I'll take it a step further… selling news is dead.
There. I said it. Having worked for over a decade in the newspaper industry, I mean it. The fact is that newspapers don't sell news anymore in as much as they sell advertising. The news has been secondary to newspaper sales for quite some time. Newspapers went color to sell advertising. Newspapers automated pagination systems to sell advertising. Newspapers built new newspaper plants for better quality advertising. Newspapers now sell direct mail, magazines, custom publications… not because they sell news but because it increases advertising revenue.
Many journalists will be angered by my words. I'm truly sorry because I have great respect for journalists. Walk into any news room, though, and you'll see budgets cut, editors working short-handed, newspapers filling gaps with AP content. Publishers are publishing ads, not news. News is the filler in between ads because ads bring in money.
Many circulation strategies at newspaper actually position the ads more than the news… “Buy the Sunday Newspaper and you'll receive over $100 in Coupons.” I can't imagine how that makes a journalist feel… being misplaced by a 25 cent coupon for toilet paper.
I really don't think this is much different than the evolution of other industries, though. Imagine how skilled a machinist had to be to pull out micrometer sets and build automotive engines. Those machinists were artists, learning their trade over many years, attending trade schools, learning advanced metallurgy, mathematics, and heavy machinery operation. Guess what? They have been replaced, too. CNC Mills and robotics have replaced skilled technicians. One can now design on a computer and instantly output their parts with no human intervention.
Does that mean that Machinists aren't respected? Of course not. They've just simply been replaced. Journalists are being replaced, too. I know, I know… journalists are responsible, educated, they verify sources, they are responsible for their words. These are all true but economics is what ultimately wins. Watch the evening news or read a newspaper and I guarantee you'll see at least one reference to a blog, an uploaded video, or a web site. The news is no longer being discovered and disseminated by journalists, it's being discovered by me and you and disseminated through the Internet.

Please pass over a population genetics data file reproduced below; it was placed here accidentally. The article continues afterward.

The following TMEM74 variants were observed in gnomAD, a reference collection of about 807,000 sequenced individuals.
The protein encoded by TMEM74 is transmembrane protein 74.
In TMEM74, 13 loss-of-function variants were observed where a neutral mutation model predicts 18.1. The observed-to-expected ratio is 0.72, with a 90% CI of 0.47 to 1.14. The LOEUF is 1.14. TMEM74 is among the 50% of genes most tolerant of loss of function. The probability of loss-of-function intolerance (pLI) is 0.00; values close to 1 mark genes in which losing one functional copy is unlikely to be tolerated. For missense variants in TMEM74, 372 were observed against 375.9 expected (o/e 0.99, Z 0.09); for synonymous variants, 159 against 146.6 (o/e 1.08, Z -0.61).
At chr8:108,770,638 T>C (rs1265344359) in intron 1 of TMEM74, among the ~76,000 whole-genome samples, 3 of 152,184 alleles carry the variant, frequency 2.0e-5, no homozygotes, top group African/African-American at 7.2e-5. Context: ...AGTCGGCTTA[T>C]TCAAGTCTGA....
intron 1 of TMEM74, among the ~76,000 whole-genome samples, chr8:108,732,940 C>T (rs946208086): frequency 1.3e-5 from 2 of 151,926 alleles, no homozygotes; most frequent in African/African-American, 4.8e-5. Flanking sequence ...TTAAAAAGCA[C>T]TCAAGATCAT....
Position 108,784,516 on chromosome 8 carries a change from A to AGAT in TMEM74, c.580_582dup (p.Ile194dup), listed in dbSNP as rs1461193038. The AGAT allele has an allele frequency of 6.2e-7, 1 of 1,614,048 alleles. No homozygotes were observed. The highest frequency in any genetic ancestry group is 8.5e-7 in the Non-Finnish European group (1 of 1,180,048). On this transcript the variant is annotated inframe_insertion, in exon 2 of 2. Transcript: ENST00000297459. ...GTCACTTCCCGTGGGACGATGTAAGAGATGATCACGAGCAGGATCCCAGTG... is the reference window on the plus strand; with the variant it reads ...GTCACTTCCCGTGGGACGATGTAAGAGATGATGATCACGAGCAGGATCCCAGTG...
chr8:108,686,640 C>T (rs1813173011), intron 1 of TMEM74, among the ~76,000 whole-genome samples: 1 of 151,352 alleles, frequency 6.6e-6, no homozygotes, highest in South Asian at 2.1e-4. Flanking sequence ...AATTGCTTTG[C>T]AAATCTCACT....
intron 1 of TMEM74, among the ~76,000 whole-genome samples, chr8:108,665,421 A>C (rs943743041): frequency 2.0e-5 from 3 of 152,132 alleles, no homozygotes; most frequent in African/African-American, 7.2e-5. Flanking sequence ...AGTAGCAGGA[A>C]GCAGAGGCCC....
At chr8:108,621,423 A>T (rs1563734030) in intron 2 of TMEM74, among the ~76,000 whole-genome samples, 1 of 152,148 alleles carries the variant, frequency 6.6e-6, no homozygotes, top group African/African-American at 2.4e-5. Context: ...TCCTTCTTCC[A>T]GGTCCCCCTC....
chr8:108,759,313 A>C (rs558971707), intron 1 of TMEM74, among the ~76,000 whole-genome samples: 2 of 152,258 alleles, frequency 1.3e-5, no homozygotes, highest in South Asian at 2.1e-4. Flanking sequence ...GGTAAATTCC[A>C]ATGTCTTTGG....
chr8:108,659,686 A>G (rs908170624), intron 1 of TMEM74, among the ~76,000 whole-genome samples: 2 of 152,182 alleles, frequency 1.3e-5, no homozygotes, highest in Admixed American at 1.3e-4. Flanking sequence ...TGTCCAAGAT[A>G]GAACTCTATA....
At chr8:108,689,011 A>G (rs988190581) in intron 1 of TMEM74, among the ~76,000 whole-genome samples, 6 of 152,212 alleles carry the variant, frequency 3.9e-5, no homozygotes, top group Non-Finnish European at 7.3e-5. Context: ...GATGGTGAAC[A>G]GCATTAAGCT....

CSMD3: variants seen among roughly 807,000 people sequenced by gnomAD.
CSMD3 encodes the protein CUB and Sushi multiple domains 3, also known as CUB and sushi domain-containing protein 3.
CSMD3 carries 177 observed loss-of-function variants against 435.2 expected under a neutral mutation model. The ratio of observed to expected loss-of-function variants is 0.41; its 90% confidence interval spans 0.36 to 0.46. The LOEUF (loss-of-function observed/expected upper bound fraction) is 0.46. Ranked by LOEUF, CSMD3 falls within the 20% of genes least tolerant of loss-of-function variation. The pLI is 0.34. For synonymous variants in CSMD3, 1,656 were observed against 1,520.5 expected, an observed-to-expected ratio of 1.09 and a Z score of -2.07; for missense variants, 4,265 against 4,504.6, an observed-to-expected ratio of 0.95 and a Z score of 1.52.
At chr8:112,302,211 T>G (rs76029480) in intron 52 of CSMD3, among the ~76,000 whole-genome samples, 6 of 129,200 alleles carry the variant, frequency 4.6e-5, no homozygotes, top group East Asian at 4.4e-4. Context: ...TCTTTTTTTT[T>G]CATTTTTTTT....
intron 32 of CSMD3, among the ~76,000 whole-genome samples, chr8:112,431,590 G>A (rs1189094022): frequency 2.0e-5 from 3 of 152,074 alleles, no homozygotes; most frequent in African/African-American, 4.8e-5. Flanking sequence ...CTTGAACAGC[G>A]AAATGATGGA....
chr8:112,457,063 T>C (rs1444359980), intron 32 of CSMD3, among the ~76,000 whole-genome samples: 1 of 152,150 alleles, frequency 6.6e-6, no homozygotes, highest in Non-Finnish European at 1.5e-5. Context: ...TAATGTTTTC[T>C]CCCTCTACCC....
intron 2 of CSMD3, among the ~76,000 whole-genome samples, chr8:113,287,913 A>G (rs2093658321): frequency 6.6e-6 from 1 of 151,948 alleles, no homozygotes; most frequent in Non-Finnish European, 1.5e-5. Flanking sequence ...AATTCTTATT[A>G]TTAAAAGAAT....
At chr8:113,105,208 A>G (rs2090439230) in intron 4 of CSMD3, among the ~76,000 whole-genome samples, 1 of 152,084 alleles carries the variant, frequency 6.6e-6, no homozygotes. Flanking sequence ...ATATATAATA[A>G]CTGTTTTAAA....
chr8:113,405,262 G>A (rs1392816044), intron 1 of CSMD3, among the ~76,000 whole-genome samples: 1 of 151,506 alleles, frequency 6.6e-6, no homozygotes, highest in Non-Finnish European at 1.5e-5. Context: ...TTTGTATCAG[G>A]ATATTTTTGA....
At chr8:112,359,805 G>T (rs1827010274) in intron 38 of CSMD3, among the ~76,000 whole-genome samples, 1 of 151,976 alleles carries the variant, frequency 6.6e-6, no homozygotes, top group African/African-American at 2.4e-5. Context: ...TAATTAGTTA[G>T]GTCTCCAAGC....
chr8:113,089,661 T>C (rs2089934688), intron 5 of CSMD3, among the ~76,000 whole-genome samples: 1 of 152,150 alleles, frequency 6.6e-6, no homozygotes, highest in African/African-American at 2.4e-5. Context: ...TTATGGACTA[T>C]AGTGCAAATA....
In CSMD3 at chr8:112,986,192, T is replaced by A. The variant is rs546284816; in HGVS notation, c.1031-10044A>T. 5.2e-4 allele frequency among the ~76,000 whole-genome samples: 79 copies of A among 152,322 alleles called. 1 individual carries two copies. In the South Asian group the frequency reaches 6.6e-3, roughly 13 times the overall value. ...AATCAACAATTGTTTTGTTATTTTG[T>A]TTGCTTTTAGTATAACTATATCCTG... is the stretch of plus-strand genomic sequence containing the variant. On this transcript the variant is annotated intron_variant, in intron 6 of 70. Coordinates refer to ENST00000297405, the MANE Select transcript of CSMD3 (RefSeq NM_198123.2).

What's really happened here is that the consumers' need for buying news has gone away. Journalists and newspapers were the medium between society and the news. There were no other choices. Now the choices are infinite and cheap. Has quality wained? Perhaps. It's a lot like comparing Wikipedia to Encyclopedia Brittanica. Wikipedia has exponentially more information and doesn't cost a penny. Brittanica has a fraction of the articles but better quality. When was the last time you bought an encyclopedia? That's your answer.
The truth is that I can write about Google's new Blogbar. The post may have spelling and grammatical errors, may lack references, may not be as entertaining as it would be on the Times Technology page – but it reached thousands of readers who honestly didn't care about those things. They appreciated that I wrote about it and are now using that content to improve their sites. It didn't take a journalist to break the story.
The Internet is the new medium that is replacing news on papers and journalists. It's somewhat sad, it's a fantastic trade that is going to disappear. There will still be journalists, just not as many. There will still be newspapers, just not as many. Let's face it, though. Newspapers will continue to find other means of selling advertising. It may not be ink on dead trees, but they'll find a way.